I haven't worked much with HID's but to my knowledge I would imagine that the actual HID bulbs can burn out/stock working. If they didn't there would be no reason for replacement HID individual bulbs. So since there are, I'd probably say that they do.
HID's used to be called ARC lamps since that is how the light source is generated. There is no element to burn out or fracture. The things that can go wrong are more electronic ballast and physical damage related.
The bulbs are made of glass and can be easily damaged. The glass bulbs are filled with gas and have been known to leak on some of the more poorly manufactured units. Oils from your hands can cause hot spots on the glass surface which can cause the glass tube to fracture. Make sure you don't touch the glass bulb or clean the bulb with am alcohol swab after.
The ballasts are the main source of failure for HID's. Ballasts are basically voltage converters. They convert high current/low voltage DC to a high voltage/low current source. Many of the after market HID kits out today are using poorly designed and constructed ballasts with rather high failure rates. Some don't contain proper safety circuitry in case of shortage and others will simply overheat and fail. Other problems are related to environmental damage due too poor weather resistance and subsequent moisture intrusion.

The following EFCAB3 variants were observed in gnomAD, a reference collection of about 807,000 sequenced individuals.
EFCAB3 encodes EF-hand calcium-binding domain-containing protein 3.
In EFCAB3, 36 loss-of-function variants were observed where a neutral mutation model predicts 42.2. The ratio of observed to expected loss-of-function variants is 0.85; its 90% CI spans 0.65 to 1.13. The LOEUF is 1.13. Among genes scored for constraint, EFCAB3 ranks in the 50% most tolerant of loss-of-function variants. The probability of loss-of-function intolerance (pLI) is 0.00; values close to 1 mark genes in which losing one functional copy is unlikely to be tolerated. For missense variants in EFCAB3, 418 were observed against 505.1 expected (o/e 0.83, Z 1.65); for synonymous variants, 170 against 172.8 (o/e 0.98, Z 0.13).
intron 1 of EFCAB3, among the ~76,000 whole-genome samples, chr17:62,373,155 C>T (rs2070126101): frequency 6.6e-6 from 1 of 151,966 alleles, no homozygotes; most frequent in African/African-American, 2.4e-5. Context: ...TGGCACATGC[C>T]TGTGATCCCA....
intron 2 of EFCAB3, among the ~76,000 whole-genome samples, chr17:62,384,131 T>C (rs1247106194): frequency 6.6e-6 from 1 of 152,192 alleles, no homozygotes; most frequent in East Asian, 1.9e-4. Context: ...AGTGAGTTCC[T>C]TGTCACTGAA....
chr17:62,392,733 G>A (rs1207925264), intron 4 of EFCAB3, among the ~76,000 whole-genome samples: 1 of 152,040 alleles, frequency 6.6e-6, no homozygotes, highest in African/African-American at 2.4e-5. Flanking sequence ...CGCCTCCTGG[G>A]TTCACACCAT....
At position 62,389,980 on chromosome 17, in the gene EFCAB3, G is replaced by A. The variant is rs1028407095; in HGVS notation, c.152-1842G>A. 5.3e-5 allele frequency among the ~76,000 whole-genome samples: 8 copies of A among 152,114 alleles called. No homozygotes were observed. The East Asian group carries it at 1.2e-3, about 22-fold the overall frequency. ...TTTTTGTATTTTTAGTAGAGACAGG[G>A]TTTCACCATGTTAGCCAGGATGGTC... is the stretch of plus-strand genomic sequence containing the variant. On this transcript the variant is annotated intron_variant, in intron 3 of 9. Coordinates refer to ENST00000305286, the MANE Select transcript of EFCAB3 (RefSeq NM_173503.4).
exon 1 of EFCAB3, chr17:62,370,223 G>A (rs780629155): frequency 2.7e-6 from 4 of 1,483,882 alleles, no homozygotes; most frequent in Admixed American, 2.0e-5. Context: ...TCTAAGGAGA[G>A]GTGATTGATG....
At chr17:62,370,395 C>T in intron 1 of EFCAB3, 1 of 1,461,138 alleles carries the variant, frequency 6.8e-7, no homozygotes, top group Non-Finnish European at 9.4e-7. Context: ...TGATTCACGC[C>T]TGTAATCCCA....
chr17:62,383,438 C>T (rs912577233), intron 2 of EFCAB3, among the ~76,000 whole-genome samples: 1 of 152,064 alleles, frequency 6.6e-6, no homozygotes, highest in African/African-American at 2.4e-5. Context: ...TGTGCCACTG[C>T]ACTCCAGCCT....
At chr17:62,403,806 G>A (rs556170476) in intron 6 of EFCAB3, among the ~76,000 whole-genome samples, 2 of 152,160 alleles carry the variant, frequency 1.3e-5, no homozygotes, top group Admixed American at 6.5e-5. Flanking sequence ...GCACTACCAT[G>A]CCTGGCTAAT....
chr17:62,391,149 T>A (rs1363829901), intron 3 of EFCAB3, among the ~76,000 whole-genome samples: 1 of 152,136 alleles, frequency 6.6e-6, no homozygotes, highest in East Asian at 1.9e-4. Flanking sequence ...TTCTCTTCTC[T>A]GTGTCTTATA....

My personal recommendation is to stick with brand names on the ballast and bulbs. Sylvania being one of the more well known, and reliable, companies. Ask the supplier of the HID kit, who is the manufacturer of these components. If they don't know then go on to another source.